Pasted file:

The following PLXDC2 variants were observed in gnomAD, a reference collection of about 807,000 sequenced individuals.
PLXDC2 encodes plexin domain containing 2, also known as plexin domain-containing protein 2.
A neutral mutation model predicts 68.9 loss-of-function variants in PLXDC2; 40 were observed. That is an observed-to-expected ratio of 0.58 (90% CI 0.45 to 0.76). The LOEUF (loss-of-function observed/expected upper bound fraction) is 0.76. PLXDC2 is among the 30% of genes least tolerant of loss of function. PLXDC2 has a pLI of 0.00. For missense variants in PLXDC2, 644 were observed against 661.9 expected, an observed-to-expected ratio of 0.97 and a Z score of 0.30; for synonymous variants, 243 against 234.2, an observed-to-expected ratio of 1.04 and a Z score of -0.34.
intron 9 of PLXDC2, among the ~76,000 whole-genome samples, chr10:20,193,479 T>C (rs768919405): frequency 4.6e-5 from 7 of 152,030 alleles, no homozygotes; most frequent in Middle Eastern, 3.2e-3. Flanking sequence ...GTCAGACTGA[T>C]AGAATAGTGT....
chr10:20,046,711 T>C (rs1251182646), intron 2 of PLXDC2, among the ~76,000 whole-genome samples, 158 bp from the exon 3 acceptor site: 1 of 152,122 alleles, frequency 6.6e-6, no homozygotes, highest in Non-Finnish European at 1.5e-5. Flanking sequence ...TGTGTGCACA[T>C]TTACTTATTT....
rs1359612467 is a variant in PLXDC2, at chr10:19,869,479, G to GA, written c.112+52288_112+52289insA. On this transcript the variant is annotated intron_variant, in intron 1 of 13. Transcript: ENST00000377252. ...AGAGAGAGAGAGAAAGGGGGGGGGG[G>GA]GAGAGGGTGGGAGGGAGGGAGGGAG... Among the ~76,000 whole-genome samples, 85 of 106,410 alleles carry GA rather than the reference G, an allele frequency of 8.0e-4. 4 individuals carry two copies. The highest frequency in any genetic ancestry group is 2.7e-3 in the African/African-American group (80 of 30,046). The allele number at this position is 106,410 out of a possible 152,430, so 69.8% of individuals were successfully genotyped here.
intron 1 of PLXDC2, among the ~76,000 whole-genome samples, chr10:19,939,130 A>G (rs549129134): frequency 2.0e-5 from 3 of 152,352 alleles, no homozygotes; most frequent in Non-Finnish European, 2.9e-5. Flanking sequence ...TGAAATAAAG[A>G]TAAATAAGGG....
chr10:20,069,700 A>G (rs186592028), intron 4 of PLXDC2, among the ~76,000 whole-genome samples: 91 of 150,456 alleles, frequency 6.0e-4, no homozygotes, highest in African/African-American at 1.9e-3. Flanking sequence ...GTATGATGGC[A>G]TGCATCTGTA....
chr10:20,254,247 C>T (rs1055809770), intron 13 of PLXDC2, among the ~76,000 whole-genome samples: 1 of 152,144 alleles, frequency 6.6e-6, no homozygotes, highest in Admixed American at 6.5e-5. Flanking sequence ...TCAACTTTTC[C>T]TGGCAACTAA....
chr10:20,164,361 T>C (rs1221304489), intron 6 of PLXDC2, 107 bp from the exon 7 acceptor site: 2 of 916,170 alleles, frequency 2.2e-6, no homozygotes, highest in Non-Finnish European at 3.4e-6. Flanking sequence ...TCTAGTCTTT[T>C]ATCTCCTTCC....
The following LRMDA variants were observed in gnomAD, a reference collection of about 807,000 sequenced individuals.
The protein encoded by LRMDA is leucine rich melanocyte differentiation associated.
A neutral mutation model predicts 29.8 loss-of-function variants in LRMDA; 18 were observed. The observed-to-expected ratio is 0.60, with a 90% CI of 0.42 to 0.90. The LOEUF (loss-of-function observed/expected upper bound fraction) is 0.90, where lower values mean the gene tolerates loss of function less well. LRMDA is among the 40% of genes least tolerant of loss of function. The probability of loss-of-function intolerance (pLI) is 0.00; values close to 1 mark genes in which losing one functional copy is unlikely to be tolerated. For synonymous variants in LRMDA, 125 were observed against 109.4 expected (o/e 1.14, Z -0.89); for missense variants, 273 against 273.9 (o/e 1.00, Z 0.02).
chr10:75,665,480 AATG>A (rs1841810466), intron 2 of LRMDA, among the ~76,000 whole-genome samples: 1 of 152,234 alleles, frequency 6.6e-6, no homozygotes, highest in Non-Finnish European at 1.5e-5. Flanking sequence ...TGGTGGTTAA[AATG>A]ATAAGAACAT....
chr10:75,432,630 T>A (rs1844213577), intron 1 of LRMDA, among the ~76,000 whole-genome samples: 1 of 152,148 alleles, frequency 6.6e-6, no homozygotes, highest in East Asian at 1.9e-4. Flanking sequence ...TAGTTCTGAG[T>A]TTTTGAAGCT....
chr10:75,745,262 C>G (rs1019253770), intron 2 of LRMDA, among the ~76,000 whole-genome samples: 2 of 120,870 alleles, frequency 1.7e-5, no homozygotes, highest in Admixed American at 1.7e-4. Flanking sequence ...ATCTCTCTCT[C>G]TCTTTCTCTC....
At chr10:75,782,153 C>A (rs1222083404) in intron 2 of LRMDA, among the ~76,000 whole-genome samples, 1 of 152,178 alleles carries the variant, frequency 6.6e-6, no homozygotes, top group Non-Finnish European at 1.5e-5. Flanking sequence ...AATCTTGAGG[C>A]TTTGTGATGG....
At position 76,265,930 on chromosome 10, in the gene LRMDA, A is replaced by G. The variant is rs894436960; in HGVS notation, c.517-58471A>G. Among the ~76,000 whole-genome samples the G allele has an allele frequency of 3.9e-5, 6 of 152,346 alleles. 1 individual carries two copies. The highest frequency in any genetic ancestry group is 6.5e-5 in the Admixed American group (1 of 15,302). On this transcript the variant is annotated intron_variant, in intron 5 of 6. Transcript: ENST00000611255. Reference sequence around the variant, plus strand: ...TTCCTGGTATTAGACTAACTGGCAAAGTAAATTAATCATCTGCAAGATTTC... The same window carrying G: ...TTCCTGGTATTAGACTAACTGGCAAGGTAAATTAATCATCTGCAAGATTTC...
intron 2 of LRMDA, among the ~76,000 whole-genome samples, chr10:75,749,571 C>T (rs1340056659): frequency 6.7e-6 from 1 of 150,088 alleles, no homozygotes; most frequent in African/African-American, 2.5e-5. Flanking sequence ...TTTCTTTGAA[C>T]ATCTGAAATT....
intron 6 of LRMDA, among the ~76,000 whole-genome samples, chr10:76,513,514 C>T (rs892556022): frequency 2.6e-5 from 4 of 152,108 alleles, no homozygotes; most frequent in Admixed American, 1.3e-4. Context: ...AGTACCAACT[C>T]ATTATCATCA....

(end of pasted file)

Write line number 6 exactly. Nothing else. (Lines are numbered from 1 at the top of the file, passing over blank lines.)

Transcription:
rs1359612467 is a variant in PLXDC2, at chr10:19,869,479, G to GA, written c.112+52288_112+52289insA. On this transcript the variant is annotated intron_variant, in intron 1 of 13. Transcript: ENST00000377252. ...AGAGAGAGAGAGAAAGGGGGGGGGG[G>GA]GAGAGGGTGGGAGGGAGGGAGGGAG... Among the ~76,000 whole-genome samples, 85 of 106,410 alleles carry GA rather than the reference G, an allele frequency of 8.0e-4. 4 individuals carry two copies. The highest frequency in any genetic ancestry group is 2.7e-3 in the African/African-American group (80 of 30,046). The allele number at this position is 106,410 out of a possible 152,430, so 69.8% of individuals were successfully genotyped here.